I’ll give you an example of how bright Gary was. After the first month of sixth grade I got a message one day to call his mother at work. I remember the phone call because she seemed reluctant to say exactly what was on her mind, but I finally got the impression that she was wondering why I didn’t give more homework. Apparently, Gary rarely spent more than half an hour a night doing it. The funny thing was half the parents in the class were complaining that I gave the kids too much homework.

—Stuart McEvoy

It’s easy to look back now and dissect the stuff you did for every little clue. Like one summer Gary and I had these magnifying glasses, and we’d burn bugs and caterpillars alive. It was kind of cool to watch them twist and squirm. Is that a clue? Or something a billion other kids do too?

—Ryan Clancy

I still find it difficult to believe he was part of what happened. The guns and holding those poor children hostage in the gym like that. What they did to that football player. That wasn’t the Gary I knew. If you’re looking for answers, don’t look at him. Look at Brendan Lawlor.

—Ruth Hollington

Facts and Quotes

  • In the United States in 2018, guns killed an average of 100 people a day and injured an additional 300.

  • “As parents, teachers, and other adults look for ways to reach out to young people, some see a common thread in the disappointments and isolation students experience when they lose a sense of place, lose a parental figure, or lose a girlfriend.”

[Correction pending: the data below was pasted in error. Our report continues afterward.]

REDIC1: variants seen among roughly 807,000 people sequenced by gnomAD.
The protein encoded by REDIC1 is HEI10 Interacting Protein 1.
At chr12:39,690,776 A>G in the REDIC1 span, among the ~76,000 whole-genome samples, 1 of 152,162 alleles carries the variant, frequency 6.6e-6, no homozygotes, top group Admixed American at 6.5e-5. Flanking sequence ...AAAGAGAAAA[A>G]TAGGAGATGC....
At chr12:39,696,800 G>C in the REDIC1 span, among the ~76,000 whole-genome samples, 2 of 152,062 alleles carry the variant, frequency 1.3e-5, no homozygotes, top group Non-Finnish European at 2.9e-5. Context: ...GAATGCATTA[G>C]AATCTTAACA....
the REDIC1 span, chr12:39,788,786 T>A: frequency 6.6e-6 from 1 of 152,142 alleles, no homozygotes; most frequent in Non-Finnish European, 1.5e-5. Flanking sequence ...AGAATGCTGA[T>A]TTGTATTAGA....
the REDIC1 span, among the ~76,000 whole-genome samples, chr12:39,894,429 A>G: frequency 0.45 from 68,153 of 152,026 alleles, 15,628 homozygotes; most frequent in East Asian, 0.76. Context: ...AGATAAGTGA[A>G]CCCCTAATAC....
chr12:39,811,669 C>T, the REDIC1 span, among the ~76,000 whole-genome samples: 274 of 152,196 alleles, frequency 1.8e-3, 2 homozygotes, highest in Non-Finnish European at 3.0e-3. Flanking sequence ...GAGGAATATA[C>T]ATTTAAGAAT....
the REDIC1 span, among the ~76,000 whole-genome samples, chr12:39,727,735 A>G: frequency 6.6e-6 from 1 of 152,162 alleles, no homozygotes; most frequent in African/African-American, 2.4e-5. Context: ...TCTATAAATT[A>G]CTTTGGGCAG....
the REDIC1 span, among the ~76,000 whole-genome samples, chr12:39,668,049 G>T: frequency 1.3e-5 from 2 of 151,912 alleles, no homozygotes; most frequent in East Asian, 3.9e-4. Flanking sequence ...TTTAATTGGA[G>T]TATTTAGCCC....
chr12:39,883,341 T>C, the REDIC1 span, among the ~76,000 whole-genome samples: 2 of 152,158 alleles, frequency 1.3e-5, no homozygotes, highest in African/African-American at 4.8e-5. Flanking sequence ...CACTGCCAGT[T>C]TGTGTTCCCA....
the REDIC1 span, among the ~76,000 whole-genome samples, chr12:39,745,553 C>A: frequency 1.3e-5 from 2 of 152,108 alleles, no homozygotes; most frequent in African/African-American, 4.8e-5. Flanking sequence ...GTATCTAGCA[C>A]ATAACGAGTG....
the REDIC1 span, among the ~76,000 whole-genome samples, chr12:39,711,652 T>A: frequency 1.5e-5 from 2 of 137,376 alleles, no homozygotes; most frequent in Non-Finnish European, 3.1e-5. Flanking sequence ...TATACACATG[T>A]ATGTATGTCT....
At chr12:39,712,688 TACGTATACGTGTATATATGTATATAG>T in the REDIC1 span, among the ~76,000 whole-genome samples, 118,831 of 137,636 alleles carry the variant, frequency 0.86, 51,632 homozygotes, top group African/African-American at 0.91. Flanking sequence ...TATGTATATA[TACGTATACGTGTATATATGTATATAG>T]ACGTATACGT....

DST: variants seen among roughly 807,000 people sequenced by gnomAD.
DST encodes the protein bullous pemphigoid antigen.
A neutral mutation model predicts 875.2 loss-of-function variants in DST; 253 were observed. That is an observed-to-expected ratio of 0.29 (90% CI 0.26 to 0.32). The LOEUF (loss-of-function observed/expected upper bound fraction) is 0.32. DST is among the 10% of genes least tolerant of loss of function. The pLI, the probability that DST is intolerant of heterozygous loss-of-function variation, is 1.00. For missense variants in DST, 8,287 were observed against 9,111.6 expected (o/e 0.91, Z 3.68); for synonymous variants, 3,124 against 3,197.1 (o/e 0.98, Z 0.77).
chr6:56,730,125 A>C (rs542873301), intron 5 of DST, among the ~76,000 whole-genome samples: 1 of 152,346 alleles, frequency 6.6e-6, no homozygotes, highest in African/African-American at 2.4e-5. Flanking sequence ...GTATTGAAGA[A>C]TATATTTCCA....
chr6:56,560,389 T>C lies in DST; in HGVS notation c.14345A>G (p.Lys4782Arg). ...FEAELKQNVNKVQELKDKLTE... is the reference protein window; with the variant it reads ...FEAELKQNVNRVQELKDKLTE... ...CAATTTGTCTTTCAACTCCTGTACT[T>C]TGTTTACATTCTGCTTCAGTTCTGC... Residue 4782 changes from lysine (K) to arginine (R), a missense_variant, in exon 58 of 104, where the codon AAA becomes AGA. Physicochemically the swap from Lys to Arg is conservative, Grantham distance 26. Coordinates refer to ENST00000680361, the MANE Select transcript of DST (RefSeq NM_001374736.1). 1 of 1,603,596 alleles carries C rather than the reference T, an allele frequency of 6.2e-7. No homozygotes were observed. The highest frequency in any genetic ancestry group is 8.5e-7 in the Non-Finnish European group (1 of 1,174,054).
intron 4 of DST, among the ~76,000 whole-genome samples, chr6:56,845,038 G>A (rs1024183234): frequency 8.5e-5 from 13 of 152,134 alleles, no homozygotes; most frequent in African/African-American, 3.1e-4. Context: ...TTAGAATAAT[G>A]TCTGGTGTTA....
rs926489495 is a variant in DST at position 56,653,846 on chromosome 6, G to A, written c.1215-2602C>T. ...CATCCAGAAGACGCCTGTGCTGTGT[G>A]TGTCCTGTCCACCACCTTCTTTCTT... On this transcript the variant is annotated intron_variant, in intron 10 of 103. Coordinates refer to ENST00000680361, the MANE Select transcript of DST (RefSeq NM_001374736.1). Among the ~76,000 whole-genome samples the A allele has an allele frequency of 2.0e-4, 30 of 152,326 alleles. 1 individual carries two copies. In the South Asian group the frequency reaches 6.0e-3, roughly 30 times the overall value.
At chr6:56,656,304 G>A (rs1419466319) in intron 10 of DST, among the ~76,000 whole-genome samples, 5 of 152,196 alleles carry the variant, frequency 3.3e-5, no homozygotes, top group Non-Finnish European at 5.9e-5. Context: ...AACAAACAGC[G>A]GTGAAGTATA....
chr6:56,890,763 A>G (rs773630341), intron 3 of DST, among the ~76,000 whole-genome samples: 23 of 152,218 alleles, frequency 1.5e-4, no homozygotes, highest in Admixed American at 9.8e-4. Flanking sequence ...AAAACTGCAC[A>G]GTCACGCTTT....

Christian Science Monitor, 5/26/99

  • “The outcasts, obsessed with violent video games and intrigued by German rock music and Nazi culture, also had pastimes as wholesome as baseball; they were part of a tight circle of friends, earned top grades, held jobs and looked forward to life after graduation—factors that no doubt reassured their parents.”

    New York Times, 6/29/99

A Reading Group Guide to

Give a Boy a Gun

By Todd Strasser

About the Book

Brendan Lawlor and Gary Searle get more and more tired of being bullied by the jocks at their high school. The constant harassment and taunts make Brendan furious and leave Gary feeling like a loser. But what can they do? The principal and teachers ignore the bullying, and the football coach encourages it. So the two boys plan to retaliate—with guns and explosives. You hear this story from multiple voices: friends, fellow students, faculty, family, and neighbors—and in suicide notes from the boys. Tying the tale to acts of violence across the US are footnotes with alarming statistics about guns, mass shootings, bullying, and more. As painfully relevant today as it was twenty years ago, this short novel will make a powerful impact on every reader.